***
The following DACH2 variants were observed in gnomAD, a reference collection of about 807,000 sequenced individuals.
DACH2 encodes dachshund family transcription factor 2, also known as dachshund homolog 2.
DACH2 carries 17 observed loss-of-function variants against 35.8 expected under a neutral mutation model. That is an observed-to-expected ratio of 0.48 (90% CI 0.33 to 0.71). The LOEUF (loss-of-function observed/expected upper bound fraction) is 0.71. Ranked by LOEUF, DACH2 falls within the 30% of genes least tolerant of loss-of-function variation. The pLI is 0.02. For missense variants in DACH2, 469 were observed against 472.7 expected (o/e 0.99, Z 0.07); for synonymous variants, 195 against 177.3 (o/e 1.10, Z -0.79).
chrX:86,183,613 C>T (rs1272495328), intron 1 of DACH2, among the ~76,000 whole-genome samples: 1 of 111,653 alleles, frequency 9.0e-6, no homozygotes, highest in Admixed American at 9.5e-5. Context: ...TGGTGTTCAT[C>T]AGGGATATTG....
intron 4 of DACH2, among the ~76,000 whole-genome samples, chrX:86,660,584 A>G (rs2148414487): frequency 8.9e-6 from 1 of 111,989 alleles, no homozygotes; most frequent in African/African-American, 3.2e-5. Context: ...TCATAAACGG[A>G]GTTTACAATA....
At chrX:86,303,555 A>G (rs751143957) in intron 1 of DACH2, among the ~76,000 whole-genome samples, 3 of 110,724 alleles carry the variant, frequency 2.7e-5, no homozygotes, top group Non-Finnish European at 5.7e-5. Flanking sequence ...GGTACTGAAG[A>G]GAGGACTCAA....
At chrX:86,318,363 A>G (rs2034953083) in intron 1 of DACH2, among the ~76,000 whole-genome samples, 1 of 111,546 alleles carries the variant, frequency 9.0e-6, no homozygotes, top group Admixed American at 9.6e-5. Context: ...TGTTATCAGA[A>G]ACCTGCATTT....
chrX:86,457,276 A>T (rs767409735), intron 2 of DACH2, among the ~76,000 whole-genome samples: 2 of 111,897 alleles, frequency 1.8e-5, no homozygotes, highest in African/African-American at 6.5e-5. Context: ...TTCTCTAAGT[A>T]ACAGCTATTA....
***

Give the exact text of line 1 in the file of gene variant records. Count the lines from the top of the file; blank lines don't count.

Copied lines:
The following DACH2 variants were observed in gnomAD, a reference collection of about 807,000 sequenced individuals.